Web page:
Value Creation Through Divestitures Spin-offs and Sell-offs

Jeyanevathan Jeyaratnam & Frederik Baandhøj Pontoppidan

Student thesis: Master thesis


Divestitures are ways for companies to adjust their ownership structure and reduce its business portfolio scope, which can be done either through but are not limited to sell-offs and spin-offs. By doing so it is believed that the firm will exhibit positive corporate change. The study on value creation from divestitures has long been in the shadow of value creation from acquisitions, but has in recent years attracted more and more research from finance and economics scholars. As there is limited research on divestitures on the oil industry, the thesis wanted to extend the body of research by investigating the shareholder wealth effects achieved from divestitures, including sell-offs and spin-offs, and the underlying motives on the Western European and North American markets. The thesis conducts an extensive investigation in order to measure the short-term value effect of divestitures announcements on shareholders of the divesting firm. The investigation is conducted by applying an event study methodology, where the abnormal return on divestiture announcement has been measured. In order to determine the motives underlying divestitures, and more specifically sell-offs and spin-offs, parametric tests and single/multiple regression analyses are conducted. The sample data consists of 80 sell-off events and 53 spin-off events, giving a total of 133 divestiture events in the oil and gas industry from 1998-2017. The thesis reports that: (1) Divestiture announcements are value creating for shareholders. (2) Shareholders of firm’s divesting through sell-off do not earn significant returns, whereas shareholders of spin-off firms do. (3) The relative size of the divestitures appears to be related to higher shareholder returns. (4) When sell-off proceeds are used to repay debt or payout dividends the markets react negatively. (5) Spin-offs of none-core business units leads to positive announcement effects, however the effects are reduced when it is a foreign subsidiary. Focused sell-offs are perceived negative, and even more negative if it is a foreign subsidiary. (6) Divesting firms experience undervaluation the year prior to divestiture, however the information asymmetry between financial analysts and the firm is lowered in the year after the divestiture. (7) Operational efficiency increases for firms performing focused divestitures.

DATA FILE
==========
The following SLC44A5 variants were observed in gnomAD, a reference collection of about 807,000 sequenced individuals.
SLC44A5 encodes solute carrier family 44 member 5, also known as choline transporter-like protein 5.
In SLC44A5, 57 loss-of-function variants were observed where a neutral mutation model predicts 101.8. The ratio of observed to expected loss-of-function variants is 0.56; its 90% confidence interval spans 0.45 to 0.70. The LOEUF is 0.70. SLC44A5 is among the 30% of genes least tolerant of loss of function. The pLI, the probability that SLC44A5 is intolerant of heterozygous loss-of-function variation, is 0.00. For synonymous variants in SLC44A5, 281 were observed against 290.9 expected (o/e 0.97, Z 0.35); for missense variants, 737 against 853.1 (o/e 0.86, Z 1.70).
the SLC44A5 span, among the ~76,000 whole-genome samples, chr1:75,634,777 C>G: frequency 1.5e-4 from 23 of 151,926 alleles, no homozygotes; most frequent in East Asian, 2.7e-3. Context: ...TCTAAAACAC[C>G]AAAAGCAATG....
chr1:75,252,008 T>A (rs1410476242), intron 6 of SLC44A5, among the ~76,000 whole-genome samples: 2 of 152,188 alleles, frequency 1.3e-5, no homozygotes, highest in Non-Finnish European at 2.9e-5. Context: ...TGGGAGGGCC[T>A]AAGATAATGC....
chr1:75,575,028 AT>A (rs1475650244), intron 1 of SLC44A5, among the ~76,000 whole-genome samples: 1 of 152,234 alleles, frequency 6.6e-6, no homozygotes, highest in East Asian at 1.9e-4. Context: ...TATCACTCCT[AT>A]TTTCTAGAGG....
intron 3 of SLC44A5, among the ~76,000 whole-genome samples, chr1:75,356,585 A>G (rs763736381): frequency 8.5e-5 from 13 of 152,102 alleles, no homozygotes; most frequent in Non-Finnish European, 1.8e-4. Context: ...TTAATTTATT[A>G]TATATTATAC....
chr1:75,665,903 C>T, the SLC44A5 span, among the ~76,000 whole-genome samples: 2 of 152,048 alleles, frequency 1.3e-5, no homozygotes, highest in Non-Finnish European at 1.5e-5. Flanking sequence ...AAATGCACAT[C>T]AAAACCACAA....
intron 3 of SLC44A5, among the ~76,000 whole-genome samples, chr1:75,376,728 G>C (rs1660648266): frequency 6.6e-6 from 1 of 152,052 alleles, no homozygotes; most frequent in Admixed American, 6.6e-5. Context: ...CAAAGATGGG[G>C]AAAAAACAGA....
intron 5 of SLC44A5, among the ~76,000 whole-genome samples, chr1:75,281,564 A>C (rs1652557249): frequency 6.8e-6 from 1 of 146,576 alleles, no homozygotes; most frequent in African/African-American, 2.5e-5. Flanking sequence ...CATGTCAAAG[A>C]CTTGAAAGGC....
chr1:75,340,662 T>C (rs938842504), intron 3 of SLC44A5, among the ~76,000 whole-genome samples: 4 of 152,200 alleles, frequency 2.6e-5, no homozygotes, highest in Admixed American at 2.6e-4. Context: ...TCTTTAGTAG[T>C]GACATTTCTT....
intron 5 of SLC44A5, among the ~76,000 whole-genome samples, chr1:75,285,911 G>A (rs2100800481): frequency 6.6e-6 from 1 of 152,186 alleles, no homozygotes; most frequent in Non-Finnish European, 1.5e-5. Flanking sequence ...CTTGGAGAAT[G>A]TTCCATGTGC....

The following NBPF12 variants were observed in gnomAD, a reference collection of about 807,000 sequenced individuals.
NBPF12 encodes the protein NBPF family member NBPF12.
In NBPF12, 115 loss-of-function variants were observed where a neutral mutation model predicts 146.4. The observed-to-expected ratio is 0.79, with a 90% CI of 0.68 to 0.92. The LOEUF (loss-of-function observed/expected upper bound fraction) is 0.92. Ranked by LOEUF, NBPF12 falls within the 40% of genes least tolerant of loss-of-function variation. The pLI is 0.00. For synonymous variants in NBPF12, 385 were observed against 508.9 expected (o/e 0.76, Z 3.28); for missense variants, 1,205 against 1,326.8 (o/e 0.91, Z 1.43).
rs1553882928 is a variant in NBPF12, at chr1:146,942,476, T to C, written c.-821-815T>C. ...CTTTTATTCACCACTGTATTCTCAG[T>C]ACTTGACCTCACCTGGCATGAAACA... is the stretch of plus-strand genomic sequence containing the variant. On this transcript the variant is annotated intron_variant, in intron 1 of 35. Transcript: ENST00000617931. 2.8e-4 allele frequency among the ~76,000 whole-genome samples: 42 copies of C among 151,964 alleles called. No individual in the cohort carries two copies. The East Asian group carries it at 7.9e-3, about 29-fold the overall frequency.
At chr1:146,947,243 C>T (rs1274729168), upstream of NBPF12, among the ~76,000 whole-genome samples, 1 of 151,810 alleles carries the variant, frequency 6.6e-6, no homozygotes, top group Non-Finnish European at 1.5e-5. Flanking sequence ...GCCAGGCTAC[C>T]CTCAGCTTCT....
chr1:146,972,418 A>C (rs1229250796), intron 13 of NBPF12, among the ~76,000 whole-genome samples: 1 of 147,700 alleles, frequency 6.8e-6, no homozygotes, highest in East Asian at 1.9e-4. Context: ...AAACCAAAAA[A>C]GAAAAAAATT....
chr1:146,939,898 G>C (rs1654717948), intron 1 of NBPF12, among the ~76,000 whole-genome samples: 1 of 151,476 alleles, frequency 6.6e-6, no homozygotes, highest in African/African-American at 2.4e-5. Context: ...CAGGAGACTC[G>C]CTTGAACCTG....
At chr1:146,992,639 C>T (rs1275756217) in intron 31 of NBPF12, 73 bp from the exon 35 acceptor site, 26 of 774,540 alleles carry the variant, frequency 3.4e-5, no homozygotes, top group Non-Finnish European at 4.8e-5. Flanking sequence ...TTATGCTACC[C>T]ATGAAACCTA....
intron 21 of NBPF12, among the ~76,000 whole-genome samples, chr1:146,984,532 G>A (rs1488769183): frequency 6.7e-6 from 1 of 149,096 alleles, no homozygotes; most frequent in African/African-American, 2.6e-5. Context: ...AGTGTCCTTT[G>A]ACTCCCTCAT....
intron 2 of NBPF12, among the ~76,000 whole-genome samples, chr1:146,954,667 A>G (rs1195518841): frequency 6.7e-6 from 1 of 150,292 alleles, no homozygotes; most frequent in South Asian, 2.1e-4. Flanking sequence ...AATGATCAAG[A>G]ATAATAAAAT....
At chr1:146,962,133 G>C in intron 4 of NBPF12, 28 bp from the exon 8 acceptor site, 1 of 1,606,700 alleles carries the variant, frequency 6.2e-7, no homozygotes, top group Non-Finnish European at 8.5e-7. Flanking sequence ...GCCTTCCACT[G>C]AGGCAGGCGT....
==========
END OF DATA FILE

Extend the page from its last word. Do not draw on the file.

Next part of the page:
EducationsMSc in Finance and Investments, (Graduate Programme) Final Thesis
Publication date2018
Number of pages125